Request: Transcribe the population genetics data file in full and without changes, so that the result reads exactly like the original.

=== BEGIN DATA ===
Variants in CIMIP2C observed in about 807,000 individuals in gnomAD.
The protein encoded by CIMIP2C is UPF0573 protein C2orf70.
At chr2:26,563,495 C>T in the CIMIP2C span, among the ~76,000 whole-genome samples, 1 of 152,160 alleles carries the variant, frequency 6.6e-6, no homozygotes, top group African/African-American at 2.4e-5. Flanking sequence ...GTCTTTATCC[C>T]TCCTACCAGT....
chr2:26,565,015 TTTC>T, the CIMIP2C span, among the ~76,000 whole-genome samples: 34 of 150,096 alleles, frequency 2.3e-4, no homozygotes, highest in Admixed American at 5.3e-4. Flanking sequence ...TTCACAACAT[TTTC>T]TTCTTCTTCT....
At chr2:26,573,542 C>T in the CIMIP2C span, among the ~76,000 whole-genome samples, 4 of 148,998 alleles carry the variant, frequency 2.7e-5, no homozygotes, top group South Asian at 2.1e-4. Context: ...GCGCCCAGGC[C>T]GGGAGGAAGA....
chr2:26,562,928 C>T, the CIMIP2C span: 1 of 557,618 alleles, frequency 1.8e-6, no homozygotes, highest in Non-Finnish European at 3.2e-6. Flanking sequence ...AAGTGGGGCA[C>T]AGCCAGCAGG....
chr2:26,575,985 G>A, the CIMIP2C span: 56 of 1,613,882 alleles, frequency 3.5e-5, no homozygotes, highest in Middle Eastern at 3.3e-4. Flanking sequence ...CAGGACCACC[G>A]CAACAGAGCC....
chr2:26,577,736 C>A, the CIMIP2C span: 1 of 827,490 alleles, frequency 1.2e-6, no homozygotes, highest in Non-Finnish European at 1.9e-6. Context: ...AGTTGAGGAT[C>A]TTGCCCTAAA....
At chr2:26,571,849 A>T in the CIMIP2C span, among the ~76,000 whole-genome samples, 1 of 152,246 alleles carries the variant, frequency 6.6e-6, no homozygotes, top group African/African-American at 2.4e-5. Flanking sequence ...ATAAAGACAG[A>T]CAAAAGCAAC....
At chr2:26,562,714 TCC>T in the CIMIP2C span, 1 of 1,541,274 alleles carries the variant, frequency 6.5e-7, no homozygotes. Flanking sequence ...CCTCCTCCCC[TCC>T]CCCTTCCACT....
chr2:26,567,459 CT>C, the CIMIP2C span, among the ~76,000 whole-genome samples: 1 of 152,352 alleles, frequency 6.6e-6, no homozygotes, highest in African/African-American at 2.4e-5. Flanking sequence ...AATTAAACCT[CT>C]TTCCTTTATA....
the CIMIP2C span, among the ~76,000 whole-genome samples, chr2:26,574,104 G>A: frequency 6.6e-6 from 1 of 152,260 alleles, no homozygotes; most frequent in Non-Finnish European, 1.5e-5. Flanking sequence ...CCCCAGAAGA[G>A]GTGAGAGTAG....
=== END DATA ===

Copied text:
Variants in CIMIP2C observed in about 807,000 individuals in gnomAD.
The protein encoded by CIMIP2C is UPF0573 protein C2orf70.
At chr2:26,563,495 C>T in the CIMIP2C span, among the ~76,000 whole-genome samples, 1 of 152,160 alleles carries the variant, frequency 6.6e-6, no homozygotes, top group African/African-American at 2.4e-5. Flanking sequence ...GTCTTTATCC[C>T]TCCTACCAGT....
chr2:26,565,015 TTTC>T, the CIMIP2C span, among the ~76,000 whole-genome samples: 34 of 150,096 alleles, frequency 2.3e-4, no homozygotes, highest in Admixed American at 5.3e-4. Flanking sequence ...TTCACAACAT[TTTC>T]TTCTTCTTCT....
At chr2:26,573,542 C>T in the CIMIP2C span, among the ~76,000 whole-genome samples, 4 of 148,998 alleles carry the variant, frequency 2.7e-5, no homozygotes, top group South Asian at 2.1e-4. Context: ...GCGCCCAGGC[C>T]GGGAGGAAGA....
chr2:26,562,928 C>T, the CIMIP2C span: 1 of 557,618 alleles, frequency 1.8e-6, no homozygotes, highest in Non-Finnish European at 3.2e-6. Flanking sequence ...AAGTGGGGCA[C>T]AGCCAGCAGG....
chr2:26,575,985 G>A, the CIMIP2C span: 56 of 1,613,882 alleles, frequency 3.5e-5, no homozygotes, highest in Middle Eastern at 3.3e-4. Flanking sequence ...CAGGACCACC[G>A]CAACAGAGCC....
chr2:26,577,736 C>A, the CIMIP2C span: 1 of 827,490 alleles, frequency 1.2e-6, no homozygotes, highest in Non-Finnish European at 1.9e-6. Context: ...AGTTGAGGAT[C>A]TTGCCCTAAA....
At chr2:26,571,849 A>T in the CIMIP2C span, among the ~76,000 whole-genome samples, 1 of 152,246 alleles carries the variant, frequency 6.6e-6, no homozygotes, top group African/African-American at 2.4e-5. Flanking sequence ...ATAAAGACAG[A>T]CAAAAGCAAC....
At chr2:26,562,714 TCC>T in the CIMIP2C span, 1 of 1,541,274 alleles carries the variant, frequency 6.5e-7, no homozygotes. Flanking sequence ...CCTCCTCCCC[TCC>T]CCCTTCCACT....
chr2:26,567,459 CT>C, the CIMIP2C span, among the ~76,000 whole-genome samples: 1 of 152,352 alleles, frequency 6.6e-6, no homozygotes, highest in African/African-American at 2.4e-5. Flanking sequence ...AATTAAACCT[CT>C]TTCCTTTATA....
the CIMIP2C span, among the ~76,000 whole-genome samples, chr2:26,574,104 G>A: frequency 6.6e-6 from 1 of 152,260 alleles, no homozygotes; most frequent in Non-Finnish European, 1.5e-5. Flanking sequence ...CCCCAGAAGA[G>A]GTGAGAGTAG....